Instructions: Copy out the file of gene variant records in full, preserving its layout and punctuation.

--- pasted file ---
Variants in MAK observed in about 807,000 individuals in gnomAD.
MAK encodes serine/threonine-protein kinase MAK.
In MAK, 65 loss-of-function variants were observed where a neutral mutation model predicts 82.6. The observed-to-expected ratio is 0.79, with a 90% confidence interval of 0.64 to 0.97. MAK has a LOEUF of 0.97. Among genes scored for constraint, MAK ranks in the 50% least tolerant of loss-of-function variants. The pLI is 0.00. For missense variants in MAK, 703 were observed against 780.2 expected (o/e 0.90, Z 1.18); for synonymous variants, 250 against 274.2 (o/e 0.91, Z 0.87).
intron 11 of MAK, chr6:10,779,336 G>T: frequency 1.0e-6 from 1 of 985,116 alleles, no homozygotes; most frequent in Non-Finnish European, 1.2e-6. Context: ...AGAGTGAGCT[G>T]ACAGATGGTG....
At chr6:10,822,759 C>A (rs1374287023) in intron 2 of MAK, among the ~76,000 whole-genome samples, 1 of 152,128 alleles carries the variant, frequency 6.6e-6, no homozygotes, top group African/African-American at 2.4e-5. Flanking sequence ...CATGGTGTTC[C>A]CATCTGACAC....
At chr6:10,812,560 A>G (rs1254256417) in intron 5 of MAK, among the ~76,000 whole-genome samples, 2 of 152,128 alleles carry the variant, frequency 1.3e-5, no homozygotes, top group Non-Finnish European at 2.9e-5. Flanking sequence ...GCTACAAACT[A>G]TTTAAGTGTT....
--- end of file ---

Variants in MAK observed in about 807,000 individuals in gnomAD.
MAK encodes serine/threonine-protein kinase MAK.
In MAK, 65 loss-of-function variants were observed where a neutral mutation model predicts 82.6. The observed-to-expected ratio is 0.79, with a 90% confidence interval of 0.64 to 0.97. MAK has a LOEUF of 0.97. Among genes scored for constraint, MAK ranks in the 50% least tolerant of loss-of-function variants. The pLI is 0.00. For missense variants in MAK, 703 were observed against 780.2 expected (o/e 0.90, Z 1.18); for synonymous variants, 250 against 274.2 (o/e 0.91, Z 0.87).
intron 11 of MAK, chr6:10,779,336 G>T: frequency 1.0e-6 from 1 of 985,116 alleles, no homozygotes; most frequent in Non-Finnish European, 1.2e-6. Context: ...AGAGTGAGCT[G>T]ACAGATGGTG....
At chr6:10,822,759 C>A (rs1374287023) in intron 2 of MAK, among the ~76,000 whole-genome samples, 1 of 152,128 alleles carries the variant, frequency 6.6e-6, no homozygotes, top group African/African-American at 2.4e-5. Flanking sequence ...CATGGTGTTC[C>A]CATCTGACAC....
At chr6:10,812,560 A>G (rs1254256417) in intron 5 of MAK, among the ~76,000 whole-genome samples, 2 of 152,128 alleles carry the variant, frequency 1.3e-5, no homozygotes, top group Non-Finnish European at 2.9e-5. Flanking sequence ...GCTACAAACT[A>G]TTTAAGTGTT....